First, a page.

Canon PowerShot SX60 HS Digital Camera Review
Canon follows up on its best superzoom, but does the SX60 HS stretch too far?
In the big book of hacky tech writer metaphors, any spec battle is discussed in warlike terms. As tired as this kind of reductive writing gets, it's actually a useful way to think about superzoom cameras—big, fixed-lens cameras that offer huge zoom ranges and DSLR-esque handling.
The 30x optical zoom lenses that seemed ridiculous just a few years ago have given way to 40x, 50x, and even 60x and higher zooms. Unfortunately, this particular battle turned out to be something of a Pyyrhic victory for companies that pushed beyond the 50x zoom barrier, as most lenses that reached that long have been very poor, with very slow autofocus speeds. What's the point of a camera that can see a mile away if it only takes terrible photos at that distance?
Canon seemed to understand this, standing pat with its 50x SX50 HS through 2012 and 2013. We liked it so much that it won our Best of Year award for the category in both years. Canon is back now with the new Canon PowerShot SX60 HS (MSRP $549.99) and has taken the leap to a 65x zoom lens.
Has Canon finally designed a high-quality lens over 50x? Or will the SX60 have the same problems that doomed its predecessors?
Design & Handling
Canon updates its premier superzoom with some new duds.
As much as we liked the Canon SX50 HS, its style was beginning to look a bit dated. The new SX60 HS brings it in line with recent Canon PowerShot cameras, with an appearance that actually closely resembles low-end Canon Rebel DSLRs. It's otherwise very similar, with a near-identical control scheme and a large, textured grip for handling.
Shooting with the SX60 HS is very simple. It's got a fast processor that ensures you can rip through bursts of shots and make changes via the menu with no hangups. The control scheme is also very simple, with big buttons and a layout that should be instantly familiar to anyone who's shot with a PowerShot in the last 5-6 years. It's an easy camera to learn and enjoy, and that simplicity is the primary reason Canon's point-and-shoots have held on better than its competitors.
The main difference between this and smaller Canons is the size, as well as the addition of an electronic viewfinder. The finder is nice and detailed for a point-and-shoot, even if it's not quite as good as the best EVFs we've seen recently. The rear LCD is very useful otherwise, however, tilting out and to the side of the body. It's designed for tough overhead shots and can face forward so your subject can see themselves—perfect for group shots or selfies.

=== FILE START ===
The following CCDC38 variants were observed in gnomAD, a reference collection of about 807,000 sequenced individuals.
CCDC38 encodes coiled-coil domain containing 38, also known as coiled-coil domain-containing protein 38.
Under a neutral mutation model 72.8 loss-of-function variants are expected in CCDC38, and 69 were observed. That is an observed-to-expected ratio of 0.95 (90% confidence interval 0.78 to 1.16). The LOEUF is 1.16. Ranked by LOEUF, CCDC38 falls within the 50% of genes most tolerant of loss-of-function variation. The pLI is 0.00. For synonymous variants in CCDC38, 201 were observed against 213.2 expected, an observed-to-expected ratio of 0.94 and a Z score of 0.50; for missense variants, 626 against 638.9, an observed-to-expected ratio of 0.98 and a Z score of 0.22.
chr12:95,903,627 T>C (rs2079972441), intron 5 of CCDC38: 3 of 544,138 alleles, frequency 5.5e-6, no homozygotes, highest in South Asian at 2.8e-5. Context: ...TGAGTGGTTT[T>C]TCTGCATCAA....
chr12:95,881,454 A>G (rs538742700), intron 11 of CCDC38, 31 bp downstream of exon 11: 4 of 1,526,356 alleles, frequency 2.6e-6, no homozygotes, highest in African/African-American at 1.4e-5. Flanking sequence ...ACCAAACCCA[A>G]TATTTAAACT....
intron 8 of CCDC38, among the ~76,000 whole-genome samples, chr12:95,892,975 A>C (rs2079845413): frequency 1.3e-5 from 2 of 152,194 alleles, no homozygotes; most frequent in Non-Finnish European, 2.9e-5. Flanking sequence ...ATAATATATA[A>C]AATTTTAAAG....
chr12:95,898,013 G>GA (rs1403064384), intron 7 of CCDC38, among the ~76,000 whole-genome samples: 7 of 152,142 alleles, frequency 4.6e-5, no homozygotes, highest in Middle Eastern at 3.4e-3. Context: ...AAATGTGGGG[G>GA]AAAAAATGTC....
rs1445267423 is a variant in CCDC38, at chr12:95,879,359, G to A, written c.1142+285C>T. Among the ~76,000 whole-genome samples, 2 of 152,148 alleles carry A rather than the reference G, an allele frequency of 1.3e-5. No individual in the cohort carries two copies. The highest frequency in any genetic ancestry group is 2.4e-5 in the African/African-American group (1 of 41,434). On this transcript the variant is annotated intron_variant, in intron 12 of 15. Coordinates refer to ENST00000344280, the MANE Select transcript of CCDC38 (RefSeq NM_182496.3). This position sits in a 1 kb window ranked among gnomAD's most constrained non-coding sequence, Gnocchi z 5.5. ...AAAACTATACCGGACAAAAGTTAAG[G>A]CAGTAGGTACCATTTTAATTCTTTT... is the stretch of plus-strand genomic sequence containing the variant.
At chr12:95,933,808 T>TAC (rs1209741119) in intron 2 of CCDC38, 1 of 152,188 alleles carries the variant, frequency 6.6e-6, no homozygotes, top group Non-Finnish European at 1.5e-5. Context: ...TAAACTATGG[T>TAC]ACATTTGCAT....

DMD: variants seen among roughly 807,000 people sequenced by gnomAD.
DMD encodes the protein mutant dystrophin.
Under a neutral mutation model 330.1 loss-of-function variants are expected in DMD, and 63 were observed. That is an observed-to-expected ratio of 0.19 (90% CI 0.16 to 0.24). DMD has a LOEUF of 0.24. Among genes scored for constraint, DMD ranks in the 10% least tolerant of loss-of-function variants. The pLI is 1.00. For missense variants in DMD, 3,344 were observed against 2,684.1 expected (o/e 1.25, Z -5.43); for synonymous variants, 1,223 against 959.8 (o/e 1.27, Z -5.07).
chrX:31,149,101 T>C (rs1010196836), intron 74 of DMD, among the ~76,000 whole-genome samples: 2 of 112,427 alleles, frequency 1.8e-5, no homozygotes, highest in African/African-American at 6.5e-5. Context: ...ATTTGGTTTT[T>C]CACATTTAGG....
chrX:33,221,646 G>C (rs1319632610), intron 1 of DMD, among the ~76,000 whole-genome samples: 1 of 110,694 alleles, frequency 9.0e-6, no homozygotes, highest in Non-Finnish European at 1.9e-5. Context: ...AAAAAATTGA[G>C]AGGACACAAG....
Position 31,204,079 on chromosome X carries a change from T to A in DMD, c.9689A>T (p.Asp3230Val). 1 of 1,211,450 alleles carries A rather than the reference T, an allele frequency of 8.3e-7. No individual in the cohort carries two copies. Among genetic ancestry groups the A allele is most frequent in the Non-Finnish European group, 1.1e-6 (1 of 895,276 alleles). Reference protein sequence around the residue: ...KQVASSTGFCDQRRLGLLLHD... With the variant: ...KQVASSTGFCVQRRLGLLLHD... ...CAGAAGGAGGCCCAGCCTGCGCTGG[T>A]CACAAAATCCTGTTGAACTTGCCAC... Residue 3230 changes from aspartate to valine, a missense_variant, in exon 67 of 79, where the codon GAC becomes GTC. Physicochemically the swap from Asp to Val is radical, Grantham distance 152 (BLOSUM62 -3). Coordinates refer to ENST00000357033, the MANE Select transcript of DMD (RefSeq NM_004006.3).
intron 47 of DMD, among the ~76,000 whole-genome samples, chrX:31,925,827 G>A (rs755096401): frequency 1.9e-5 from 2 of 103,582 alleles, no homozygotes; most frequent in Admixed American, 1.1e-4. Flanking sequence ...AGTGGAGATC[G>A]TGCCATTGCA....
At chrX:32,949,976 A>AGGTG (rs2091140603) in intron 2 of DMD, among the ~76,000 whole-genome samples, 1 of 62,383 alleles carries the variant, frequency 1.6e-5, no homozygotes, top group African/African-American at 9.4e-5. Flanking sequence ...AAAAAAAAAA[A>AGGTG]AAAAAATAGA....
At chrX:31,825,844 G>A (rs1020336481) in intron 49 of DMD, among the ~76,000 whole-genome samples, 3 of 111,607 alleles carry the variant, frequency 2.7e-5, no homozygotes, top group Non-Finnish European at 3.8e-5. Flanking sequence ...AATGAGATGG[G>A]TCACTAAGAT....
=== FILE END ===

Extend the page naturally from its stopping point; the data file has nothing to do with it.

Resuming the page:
Of course the star of the show is the giant 65x zoom lens, and Canon's done a nice job of designing around such a huge zoom range. The motor on the lens zooms in and out quickly, with controls for zoom around the shutter button and framing assist options on the lens itself. Crucially, the camera's optical stabilization system also compensates well for camera shake. It can still be tough to get a perfectly sharp shot (even of a stationary subject) from far away—something not helped by the horribly slow autofocus system—but it's no worse than any other superzoom. Even then, we highly recommend supporting the camera with your left hand and keeping your elbows tucked in as any shake at all on a zoom lens this long will produce very blurry photos.
The SX60 HS is a little bit faster, but otherwise has that same old Canon feeling.
A lot can change in 2+ years. Though most of the surface changes to the SX60 HS don't seem major—RAW shooting, 1080p HD video, a higher-res EVF, a nicer rear LCD—the new Digic 6 processor is a quantum leap forward for Canon. The main beneficiary of the new processor is general continuous shooting speed, but the entire camera just feels snappier.
What really matters, however, is image quality. The SX60 HS delivers the kind of quality we expect from a PowerShot point-and-shoot, though that is compromised heavily if you put the 65x zoom lens to full effect. Colors were generally accurate, white balance was superb in every condition except ultra-warm indoor incandescent lighting, and noise was well-controlled through most of the ISO range. It's worth noting that the SX60 HS's max ISO is just 3200, one stop less than the SX50 HS. That seems puzzling on paper, but the resulting images are far better thanks to improved noise reduction settings.
The real issue here is the lens. The new 65x zoom lens is better than the SX50's in some ways, but worse in others. The improved zoom range is useful, but at the telephoto end autofocus is painfully slow, often inaccurate, and the resulting photos lack sharpness. The problem is that with such a small sensor you can't zoom in this much without hitting what is called the "diffraction limit." Without getting too technical, the diffraction limit is a barrier beyond which sharpness across the frame begins to drop significantly—no matter how good your lens is. It's a particular problem for point-and-shoots like the SX60 which have small sensors and small maximum apertures as you zoom in.